Huffpost Entertainment
The Blog

Featuring fresh takes and real-time analysis from HuffPost's signature lineup of contributors

Turnstyle Headshot

[REVIEW] Being Elmo: A Puppeteer's Journey

Posted: Updated:

By: Noah Nelson

2011-11-04-elmo.jpg

Publicity photo courtesy Submarine Deluxe/Constance Marks

Full disclosure: the first time I became aware of the Elmo phenomenon I thought the bright red monster Muppet was an abomination: a knock-off of my beloved Grover who had been designed in a marketing lab by black hat focus groups in order to create the ultimate money making machine. These were strong, ignorant opinions based on nothing more than nostalgia and an allergic reaction to anything that can be that damn happy all the time.

Being Elmo is a documentary that follows the life of Kevin Clash, the man behind the Muppet, whose lifelong fascination with puppets began at an early age. While many children exposed to Sesame Street make their own stab at puppetry, Clash was dedicated to the craft in a way that marked him for greatness.

The documentary draws from a treasure trove of material that includes deep Henson archives containing behind-the-scenes footage of the making of Sesame Street and Labyrinth, as are the personal photos of the Clash family and the requisite interviews with family members and co-workers. The magic of the documentary comes from the story of how Clash began his on-screen work as a puppeteer -- on the local Baltimore CBS affiliate's TV show Caboose -- and the surprising film footage of a young Clash at the dawn of his career.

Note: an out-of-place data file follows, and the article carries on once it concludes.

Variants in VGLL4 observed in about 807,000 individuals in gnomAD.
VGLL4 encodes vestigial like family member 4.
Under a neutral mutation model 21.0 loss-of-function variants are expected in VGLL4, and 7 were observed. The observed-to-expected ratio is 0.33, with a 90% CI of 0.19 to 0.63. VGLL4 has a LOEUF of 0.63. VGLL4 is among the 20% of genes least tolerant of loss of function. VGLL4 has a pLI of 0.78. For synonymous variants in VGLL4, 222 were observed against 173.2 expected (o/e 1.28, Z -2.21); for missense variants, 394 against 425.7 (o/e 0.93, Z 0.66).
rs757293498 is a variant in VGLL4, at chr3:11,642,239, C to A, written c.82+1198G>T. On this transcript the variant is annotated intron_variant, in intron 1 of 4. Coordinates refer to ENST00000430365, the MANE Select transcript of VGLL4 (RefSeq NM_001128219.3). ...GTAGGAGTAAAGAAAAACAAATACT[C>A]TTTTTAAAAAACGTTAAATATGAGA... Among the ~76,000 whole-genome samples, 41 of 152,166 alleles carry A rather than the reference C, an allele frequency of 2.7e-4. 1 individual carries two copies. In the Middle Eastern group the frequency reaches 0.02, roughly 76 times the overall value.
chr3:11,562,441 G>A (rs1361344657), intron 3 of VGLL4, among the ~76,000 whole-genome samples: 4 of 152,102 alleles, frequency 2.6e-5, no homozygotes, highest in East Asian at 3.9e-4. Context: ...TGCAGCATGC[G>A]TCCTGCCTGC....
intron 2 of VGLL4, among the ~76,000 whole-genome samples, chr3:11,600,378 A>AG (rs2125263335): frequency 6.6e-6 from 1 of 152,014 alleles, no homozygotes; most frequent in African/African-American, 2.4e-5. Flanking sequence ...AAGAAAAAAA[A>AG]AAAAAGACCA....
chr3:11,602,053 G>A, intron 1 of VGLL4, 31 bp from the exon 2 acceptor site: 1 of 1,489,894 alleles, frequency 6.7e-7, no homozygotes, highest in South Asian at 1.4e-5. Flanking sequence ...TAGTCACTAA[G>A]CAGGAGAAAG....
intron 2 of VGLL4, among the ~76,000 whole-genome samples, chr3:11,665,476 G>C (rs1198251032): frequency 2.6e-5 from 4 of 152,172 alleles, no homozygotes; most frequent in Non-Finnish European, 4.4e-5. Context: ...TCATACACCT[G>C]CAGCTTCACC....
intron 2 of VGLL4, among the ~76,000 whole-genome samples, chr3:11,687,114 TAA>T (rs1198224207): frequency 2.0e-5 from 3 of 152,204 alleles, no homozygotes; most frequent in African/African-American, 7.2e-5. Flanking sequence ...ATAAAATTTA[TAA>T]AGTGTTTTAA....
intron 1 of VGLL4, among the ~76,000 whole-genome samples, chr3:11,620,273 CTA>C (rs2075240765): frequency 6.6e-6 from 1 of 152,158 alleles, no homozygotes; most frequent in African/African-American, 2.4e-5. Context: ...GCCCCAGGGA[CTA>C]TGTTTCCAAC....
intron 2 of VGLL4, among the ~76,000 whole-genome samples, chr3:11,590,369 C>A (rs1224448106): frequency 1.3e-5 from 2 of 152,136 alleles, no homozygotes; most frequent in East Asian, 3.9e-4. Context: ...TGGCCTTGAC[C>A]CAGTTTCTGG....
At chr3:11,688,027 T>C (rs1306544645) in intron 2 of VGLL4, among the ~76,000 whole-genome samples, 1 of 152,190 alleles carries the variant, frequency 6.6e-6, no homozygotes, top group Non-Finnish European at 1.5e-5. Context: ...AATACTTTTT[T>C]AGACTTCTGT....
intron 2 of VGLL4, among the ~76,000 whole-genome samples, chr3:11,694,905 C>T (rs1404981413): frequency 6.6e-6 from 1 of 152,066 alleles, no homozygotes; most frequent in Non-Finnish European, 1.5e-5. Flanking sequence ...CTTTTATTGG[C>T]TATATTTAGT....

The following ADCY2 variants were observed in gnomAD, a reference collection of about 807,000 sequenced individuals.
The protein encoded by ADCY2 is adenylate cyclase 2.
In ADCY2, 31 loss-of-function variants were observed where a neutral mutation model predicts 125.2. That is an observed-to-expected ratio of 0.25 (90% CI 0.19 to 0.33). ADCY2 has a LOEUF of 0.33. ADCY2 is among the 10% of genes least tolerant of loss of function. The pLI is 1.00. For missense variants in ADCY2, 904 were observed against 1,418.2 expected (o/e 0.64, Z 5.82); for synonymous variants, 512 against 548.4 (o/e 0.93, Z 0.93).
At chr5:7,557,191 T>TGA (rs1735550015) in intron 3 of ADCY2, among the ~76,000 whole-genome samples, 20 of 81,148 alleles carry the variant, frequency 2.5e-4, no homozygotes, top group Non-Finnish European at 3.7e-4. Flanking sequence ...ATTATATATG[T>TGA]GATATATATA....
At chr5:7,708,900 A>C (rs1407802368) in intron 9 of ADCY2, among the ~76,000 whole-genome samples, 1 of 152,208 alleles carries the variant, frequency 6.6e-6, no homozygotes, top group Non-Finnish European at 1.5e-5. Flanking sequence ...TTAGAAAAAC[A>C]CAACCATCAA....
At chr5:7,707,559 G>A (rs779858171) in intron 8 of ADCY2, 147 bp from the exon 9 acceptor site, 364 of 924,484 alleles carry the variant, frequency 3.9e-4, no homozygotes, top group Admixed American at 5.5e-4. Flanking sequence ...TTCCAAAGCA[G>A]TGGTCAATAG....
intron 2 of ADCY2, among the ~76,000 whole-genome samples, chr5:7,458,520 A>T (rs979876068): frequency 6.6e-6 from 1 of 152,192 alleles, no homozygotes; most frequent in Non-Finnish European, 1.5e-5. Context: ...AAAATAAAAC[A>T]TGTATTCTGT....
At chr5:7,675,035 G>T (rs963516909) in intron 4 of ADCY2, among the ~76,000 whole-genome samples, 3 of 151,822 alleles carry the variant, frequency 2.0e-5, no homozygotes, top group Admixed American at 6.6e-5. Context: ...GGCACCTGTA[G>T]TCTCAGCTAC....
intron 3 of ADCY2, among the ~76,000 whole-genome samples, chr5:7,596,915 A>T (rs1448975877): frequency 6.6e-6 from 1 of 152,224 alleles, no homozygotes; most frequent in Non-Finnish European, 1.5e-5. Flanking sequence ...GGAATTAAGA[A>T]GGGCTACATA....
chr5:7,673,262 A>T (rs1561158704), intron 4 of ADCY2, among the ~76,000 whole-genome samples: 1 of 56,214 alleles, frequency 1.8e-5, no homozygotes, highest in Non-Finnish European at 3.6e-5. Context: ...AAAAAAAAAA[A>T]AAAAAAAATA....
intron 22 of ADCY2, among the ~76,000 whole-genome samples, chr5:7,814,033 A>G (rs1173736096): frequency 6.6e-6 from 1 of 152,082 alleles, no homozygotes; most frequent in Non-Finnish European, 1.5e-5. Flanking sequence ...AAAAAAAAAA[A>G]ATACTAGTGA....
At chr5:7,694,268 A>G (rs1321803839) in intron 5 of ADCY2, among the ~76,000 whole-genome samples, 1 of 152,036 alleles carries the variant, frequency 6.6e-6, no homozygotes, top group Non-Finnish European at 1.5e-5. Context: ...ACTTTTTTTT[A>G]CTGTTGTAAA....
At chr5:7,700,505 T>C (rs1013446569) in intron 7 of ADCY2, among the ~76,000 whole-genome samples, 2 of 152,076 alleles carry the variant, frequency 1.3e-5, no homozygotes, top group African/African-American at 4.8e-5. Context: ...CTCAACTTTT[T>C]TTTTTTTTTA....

Director Constance Marks skillfully uses this material to craft dramatic, emotional moments out of the history, and sets up tense questions about Clash's destiny in interviews laid over mildly animated photographs that are resolved through archival evidence. It makes for a thrilling, emotional exploration of what is truly a remarkable life.

The film makes it clear that Elmo, a character that Kevin Clash adopted from another performer who couldn't quite get the Muppet to work, comes from a pure place in Clash's soul. Yet the responsibility of being the man behind children's most popular Muppet comes with a personal toll which the film touches on. While not plumbed at great depths, the costs that his demanding career laid on Clash are accounted for in the form of a divorce and the time spent away from his daughter.

Elmo is love. While the Muppet embodies the unvarnished love of a child for the world, it is born of the love that Kevin Clash has of puppetry and the power that craft has to connect with children's -- indeed all of our -- sense of wonder.

By the time the new documentary, Being Elmo, had finished unspooling, I had wept like a baby no less than three times. And now I too can't help but love Elmo.

Being Elmo, directed by Constance Marks and narrated by Whoopi Goldberg is in theaters today.

Originally published on Turnstylenews.com, a digital information service surfacing emerging stories in news, entertainment, art and culture; powered by award-winning journalists.

Go to Turnstylenews.com | Follow us on Twitter | Like us on Facebook | Follow us on Tumblr